That’s how I see it too and I would say that here the pelvic and atlas rotation take place the wrong way round in the sense of tensegral power transmission. The horse doesn’t move so to speak "from behind to forwards upwards", but "forwards to forwards-downwards". The question now is also how the myofascial lines behave in the respective body posture patterns.

My observation is that in this case of a deep head and neck position, the horse puts the muscular action base forward in the shoulder area due to the strong emphasis on the load of the forehand. Here I see the spiral line and the lateral line in the foreground. The overloading of the large torso carrier (M. serratus ventralis thoracis) and member of the spiral line causes the loss of overall movement, the muscular action of the torso support and thus the lifting and stabilization of the torso. The direction of power from the front legs and torso carriers are no longer directed against the rider's weight.

Abdominal muscle,
left side of the body,
view on belly bottom
(c) Maike Knifka
Further along the spiral line, the m. obliquus externus abdominis (outer oblique abdominal muscle) works more markedly than the opposing internal oblique abdominal muscle. Thus, the stabilization of the rib cage is at risk and it goes into external rotation in bends (spinous processes inwards, sternum outwards).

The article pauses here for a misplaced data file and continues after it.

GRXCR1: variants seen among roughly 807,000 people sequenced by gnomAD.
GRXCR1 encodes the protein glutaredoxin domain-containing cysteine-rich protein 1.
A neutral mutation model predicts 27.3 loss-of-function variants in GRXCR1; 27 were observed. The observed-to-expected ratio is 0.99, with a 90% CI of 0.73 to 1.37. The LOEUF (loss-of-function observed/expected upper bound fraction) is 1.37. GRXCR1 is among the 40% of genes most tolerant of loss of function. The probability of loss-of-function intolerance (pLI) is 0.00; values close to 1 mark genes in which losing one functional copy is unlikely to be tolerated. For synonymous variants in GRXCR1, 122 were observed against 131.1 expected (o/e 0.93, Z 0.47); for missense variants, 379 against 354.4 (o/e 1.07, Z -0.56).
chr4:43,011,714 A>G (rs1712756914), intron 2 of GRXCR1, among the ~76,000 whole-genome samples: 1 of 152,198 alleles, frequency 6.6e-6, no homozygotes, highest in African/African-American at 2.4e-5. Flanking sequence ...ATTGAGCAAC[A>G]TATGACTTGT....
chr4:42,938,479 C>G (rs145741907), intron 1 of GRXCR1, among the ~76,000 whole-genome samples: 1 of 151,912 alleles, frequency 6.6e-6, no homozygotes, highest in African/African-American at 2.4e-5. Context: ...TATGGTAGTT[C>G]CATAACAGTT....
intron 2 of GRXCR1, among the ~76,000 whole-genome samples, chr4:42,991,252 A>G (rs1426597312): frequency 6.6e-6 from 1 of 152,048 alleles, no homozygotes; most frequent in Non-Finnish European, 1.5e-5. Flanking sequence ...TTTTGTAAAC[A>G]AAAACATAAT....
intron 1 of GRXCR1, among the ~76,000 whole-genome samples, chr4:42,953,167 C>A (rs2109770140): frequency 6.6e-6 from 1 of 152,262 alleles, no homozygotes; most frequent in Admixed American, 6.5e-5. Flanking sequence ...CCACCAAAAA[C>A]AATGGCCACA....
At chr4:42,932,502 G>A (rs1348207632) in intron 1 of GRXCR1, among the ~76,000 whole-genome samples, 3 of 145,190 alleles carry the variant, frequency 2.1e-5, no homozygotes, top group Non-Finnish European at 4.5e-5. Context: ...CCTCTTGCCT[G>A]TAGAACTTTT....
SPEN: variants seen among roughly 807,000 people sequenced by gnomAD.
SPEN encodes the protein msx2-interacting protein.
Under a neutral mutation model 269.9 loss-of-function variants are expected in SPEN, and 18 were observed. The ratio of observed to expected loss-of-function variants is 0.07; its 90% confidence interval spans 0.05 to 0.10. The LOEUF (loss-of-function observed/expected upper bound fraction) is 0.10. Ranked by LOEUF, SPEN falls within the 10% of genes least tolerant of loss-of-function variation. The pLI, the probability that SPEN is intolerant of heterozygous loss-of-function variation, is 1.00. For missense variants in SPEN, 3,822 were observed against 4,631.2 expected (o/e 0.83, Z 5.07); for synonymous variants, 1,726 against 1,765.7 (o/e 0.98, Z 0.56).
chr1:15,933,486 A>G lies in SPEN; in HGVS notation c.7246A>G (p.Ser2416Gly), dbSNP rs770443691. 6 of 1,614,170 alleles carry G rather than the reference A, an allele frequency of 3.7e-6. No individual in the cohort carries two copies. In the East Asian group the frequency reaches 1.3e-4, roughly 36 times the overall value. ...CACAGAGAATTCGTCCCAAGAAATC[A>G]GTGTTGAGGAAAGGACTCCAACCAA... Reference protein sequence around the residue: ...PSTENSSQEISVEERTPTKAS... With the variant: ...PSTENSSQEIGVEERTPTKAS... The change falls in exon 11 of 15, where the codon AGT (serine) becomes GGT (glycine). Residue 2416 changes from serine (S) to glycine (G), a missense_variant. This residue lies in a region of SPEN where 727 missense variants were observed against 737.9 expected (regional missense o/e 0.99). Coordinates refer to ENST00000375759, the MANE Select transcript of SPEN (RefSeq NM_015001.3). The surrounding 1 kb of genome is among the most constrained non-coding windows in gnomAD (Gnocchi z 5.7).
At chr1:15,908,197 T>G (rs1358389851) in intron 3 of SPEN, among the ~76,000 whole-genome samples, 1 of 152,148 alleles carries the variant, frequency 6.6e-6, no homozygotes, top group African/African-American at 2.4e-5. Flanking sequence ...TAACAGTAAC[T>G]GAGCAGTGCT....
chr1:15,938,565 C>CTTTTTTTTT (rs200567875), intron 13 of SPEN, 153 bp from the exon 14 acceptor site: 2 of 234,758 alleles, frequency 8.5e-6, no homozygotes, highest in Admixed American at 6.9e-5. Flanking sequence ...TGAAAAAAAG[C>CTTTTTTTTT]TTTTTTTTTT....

I also find the working method of the lateral lines very interesting, especially the very often neglected abdominal skin muscle (m. cutaneus colli), which in the thorax area represents the outermost planar and thick (up to 3 cm!) muscle layer. It is more prominent in the front torso area and strongly involved in lateral balance. When a horse is heavy on the forehand this muscle is in my opinion not sufficiently stretched from the rear movement base (hindquarters) and cannot develop its stabilizing effect.
As I understood the first study by W. Södring-Elbrond, the lateral lines are best balanced with their intersecting features in a medium head and neck position. That would be another topic for a post. : D

(2) If the horse shows a high head and neck position and at the same time a downward sloping hip-cervicothoracic line, the pelvis rotates with the inner hip up, the spinous processes point outward. The cervical vertebrae rotate inwards **. (The vertical reference point / vertebra within the spiraled spine is in the middle of the cervical spine.)
In a high head-neck position with low-lying cervicothoracic transition, an extension position prevails in the spine, which usually leads to a compensatory steepness of the pelvis. Either with lumbar spine in extension, or very often also in flexion. The steep position leads to flexion, or opening of the lumbosacral transition. For me, this posture always represents a complete collapse of the myofascial lines with loss of the desired forward and upward movement. In the collapsed lumbosacral transition, the power transfer, especially the spiral line opening into the superficial dorsal line and the dorsal line itself is hampered due to a lack of traction engagement.

(3) If the cervicothoracic transition and hip are in line with the horse's mouth